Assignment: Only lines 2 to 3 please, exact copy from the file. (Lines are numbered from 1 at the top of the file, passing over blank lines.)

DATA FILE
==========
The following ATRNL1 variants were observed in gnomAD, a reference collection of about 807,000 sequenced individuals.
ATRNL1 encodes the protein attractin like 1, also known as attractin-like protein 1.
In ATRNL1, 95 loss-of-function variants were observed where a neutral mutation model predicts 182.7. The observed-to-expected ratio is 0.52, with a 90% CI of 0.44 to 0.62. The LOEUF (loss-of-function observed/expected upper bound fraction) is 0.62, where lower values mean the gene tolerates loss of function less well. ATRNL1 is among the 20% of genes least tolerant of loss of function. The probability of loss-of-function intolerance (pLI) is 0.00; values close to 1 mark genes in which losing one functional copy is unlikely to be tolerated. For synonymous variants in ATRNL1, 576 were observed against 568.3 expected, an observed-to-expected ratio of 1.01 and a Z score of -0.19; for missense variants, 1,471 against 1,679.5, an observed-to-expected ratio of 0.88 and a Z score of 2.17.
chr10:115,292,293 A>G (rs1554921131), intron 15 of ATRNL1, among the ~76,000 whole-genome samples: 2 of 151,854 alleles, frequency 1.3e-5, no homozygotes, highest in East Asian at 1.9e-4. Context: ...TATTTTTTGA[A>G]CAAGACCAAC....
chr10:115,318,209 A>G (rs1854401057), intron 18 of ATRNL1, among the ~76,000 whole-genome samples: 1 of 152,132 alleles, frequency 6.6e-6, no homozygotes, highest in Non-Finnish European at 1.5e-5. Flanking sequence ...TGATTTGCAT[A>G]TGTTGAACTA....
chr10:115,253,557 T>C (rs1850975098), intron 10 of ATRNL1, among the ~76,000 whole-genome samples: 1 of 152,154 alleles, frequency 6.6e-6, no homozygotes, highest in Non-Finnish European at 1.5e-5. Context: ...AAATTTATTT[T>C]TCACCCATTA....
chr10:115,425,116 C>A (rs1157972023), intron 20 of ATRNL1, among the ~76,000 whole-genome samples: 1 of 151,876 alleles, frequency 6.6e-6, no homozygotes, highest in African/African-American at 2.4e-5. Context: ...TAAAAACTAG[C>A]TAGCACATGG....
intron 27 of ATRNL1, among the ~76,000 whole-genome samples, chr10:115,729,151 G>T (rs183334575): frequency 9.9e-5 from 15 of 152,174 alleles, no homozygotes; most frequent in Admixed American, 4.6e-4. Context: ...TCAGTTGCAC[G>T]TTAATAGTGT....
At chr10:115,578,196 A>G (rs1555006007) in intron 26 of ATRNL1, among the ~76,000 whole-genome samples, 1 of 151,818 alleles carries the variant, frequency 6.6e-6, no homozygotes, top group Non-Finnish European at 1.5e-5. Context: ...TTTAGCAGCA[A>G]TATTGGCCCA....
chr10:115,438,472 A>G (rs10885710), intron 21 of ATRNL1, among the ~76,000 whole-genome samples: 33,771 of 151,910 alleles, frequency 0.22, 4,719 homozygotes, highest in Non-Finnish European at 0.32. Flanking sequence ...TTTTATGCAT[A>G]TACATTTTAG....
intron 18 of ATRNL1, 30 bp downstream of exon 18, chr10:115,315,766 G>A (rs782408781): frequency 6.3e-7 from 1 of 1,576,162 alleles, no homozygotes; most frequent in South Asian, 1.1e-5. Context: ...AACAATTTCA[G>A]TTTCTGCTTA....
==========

ATRNL1 encodes the protein attractin like 1, also known as attractin-like protein 1.
In ATRNL1, 95 loss-of-function variants were observed where a neutral mutation model predicts 182.7. The observed-to-expected ratio is 0.52, with a 90% CI of 0.44 to 0.62. The LOEUF (loss-of-function observed/expected upper bound fraction) is 0.62, where lower values mean the gene tolerates loss of function less well. ATRNL1 is among the 20% of genes least tolerant of loss of function. The probability of loss-of-function intolerance (pLI) is 0.00; values close to 1 mark genes in which losing one functional copy is unlikely to be tolerated. For synonymous variants in ATRNL1, 576 were observed against 568.3 expected, an observed-to-expected ratio of 1.01 and a Z score of -0.19; for missense variants, 1,471 against 1,679.5, an observed-to-expected ratio of 0.88 and a Z score of 2.17.